$75 for Dogs • $50 for Cats
Fees include spay/neuter, up-to-date vaccinations and microchip.
Due to COVID-19, the main shelter where the dogs are kept is closed to the public.
To avoid wait times to meet dogs, we recommend you make an appointment by calling (850) 243-1525, ext. 113.
The cat house remains open to the public.
Adoption hours are 10 a.m. to 4 p.m. Monday through Saturday.
So you’ve adopted a dog. Congratulations! You’re probably feeling happy, excited, and a little nervous. Obviously, you want your new pooch to settle in perfectly and feel at home right away! This may not happen exactly as you envision it, however, there are a few things you can do to ensure your new dog’s transition into your home goes smoothly.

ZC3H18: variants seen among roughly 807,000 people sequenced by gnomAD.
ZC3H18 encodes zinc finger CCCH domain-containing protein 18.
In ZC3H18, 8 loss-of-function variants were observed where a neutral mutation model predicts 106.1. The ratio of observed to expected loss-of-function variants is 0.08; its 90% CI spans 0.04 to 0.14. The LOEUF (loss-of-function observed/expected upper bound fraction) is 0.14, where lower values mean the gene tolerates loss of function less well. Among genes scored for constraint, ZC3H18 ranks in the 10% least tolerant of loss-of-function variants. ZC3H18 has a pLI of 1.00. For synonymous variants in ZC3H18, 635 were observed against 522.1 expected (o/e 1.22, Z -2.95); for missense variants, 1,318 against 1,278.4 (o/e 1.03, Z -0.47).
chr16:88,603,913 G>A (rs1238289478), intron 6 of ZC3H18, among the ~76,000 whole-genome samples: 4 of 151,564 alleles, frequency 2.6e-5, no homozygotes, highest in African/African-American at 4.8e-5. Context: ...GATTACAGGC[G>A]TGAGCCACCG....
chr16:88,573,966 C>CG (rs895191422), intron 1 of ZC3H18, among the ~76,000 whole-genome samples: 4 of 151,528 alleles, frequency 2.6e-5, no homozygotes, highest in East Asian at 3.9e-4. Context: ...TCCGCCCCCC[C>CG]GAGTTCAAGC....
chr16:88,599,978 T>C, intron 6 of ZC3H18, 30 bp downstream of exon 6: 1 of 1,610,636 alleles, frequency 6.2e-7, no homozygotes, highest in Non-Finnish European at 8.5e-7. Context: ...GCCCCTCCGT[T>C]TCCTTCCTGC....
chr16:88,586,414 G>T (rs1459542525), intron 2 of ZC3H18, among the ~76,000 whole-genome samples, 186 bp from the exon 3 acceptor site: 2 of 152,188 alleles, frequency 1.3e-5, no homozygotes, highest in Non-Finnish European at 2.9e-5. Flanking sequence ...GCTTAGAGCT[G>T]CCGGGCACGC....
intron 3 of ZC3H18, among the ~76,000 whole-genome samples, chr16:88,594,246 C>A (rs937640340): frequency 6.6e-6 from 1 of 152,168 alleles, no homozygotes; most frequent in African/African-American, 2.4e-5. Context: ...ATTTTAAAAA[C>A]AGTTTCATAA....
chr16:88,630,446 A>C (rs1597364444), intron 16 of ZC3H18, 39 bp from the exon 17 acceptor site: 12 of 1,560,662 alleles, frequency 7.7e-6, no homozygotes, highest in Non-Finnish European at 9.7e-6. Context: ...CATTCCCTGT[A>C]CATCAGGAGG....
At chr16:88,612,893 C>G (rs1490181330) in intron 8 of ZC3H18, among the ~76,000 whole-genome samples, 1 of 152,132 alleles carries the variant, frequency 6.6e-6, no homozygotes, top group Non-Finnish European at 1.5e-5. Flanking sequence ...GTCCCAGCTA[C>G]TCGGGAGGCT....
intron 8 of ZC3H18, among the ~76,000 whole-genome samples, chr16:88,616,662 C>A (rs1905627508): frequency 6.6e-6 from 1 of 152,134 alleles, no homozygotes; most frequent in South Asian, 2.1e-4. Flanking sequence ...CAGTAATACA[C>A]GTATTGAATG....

Here are some tips for helping your rescue dog to settle into your home smoothly, including the very important 3-3-3 rule.
HELPING YOUR RESCUE DOG SETTLE IN
MAKE THEM FEEL COMFORTABLE
Rescue dogs are a special case for settling into new homes because, usually, we can never know exactly what kind of background or history they have, or what they’ve been through before. If you’re adopting a puppy then you have a little bit of a clean slate, but an older dog might have particular characteristics and nuances that you’ll discover as you go along.
All you can do when you first bring your dog home is to make sure that they have everything they need and make them feel as comfortable as possible, from their own safe bed to a pet first aid kit. To help your rescue dog feel secure, make sure they have an indoor space that’s just their own (and preferably near you), with warm, soft, and comfortable bedding that will make them feel right at home.